Paris-based studio Violaine & Jérémy is a multidisciplinary creative studio that typically works across identities, poster design, illustration, typography and more. Made up of Jérémy Schneider and Violaine Orsoni, the studio believes in “beauty, refinement, delicacy and timelessness”. As a result, Violaine & Jérémy’s portfolio is bursting with projects that are not only beautiful but are executed with precision and finesse.
The latest project from the studio is a typeface called Cako, originally designed by Schneider for a brand identity that was never presented to the client. “We design many custom fonts for our projects, but we only use 20% of what’s produced,” the studio says. “We began designing Cako with the G and the K. The shapes are inspired by Art Deco, but we transformed the shapes to make them more contemporary with a lot less decoration.”
Another reference for the pair was a typeface from the 70s, designed by Austrian graphic designer Othmar Motter. Called Motter Ombra, the typeface is beautifully dramatic like Cako, and was distributed by Berthold Fototypes as film type and Letraset.
Cako is Violaine & Jérémy’s first full family typeface, having previously only designed what they needed for a project, and it comes in three weights plus an italic iteration. “We learned while doing,” says the studio of its approach. “We feel a typeface has to be perfect to be sold on the market, so it took some back and forth to get there as it’s a precise and long process.”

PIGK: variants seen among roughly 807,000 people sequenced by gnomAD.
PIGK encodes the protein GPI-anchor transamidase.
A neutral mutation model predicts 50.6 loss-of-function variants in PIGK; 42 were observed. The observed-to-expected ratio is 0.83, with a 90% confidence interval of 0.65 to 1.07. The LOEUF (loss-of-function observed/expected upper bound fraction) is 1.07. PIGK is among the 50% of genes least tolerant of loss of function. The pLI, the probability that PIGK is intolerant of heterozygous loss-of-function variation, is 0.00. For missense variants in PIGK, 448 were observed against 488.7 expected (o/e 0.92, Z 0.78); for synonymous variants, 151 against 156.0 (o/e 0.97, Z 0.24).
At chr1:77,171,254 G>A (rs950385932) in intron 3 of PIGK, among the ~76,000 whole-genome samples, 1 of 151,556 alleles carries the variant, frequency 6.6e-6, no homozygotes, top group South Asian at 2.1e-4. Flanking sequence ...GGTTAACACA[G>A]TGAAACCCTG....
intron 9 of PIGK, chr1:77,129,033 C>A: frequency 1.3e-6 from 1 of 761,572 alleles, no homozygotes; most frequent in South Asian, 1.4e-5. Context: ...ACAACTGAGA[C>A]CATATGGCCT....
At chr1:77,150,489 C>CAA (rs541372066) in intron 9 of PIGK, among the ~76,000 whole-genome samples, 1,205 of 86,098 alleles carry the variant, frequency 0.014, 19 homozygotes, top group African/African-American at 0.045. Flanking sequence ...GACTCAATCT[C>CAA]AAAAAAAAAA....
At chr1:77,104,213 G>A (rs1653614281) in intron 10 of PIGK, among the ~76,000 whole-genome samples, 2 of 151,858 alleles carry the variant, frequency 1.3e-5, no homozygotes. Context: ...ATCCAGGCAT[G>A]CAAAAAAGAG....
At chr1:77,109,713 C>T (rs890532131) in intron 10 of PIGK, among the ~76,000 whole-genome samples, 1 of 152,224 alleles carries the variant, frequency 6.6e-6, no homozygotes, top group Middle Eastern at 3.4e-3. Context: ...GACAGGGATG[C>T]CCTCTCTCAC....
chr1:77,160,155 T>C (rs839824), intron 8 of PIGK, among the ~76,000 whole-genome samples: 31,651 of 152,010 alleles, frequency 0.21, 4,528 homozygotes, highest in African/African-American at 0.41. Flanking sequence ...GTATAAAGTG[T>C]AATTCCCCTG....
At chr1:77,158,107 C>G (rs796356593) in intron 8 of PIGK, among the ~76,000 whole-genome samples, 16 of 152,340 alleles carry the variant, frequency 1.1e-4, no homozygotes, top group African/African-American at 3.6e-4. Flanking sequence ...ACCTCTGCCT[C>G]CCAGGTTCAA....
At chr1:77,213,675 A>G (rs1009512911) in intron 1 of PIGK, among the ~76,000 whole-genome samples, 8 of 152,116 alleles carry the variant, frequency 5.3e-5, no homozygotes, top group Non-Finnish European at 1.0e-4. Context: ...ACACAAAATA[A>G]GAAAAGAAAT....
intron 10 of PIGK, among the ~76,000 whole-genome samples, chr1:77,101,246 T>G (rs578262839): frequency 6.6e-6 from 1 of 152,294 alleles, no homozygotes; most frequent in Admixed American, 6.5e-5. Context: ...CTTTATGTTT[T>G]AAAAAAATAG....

The beauty of Cako is the contrast between thick and thin, the chunkiness to the typeface is offset by the delicate serifs. This elegance is emphasised by the way Violaine & Jérémy has presented the font, with gifs that emulate the simple graphic shapes all in muted colour palettes of olive greens, rusty oranges and rose pinks.
With a broad range of clients including a French burger company, a magazine all about the brain and a 140-year-old theatre, creating a typeface from scratch offered the studio a change of pace. “Creatively speaking, it’s much easier to work on a typeface because we are our own client,” says Violaine & Jérémy. “We are just driven by achieving what we love. Our typefaces are our personal projects.”
It’s refreshing to for busy studio like Violaine & Jérémy to value the benefit of working on personal projects in between client-driven work. Not only does it keep the studio’s passion alive, but we also get an insight into what makes them tick creatively.
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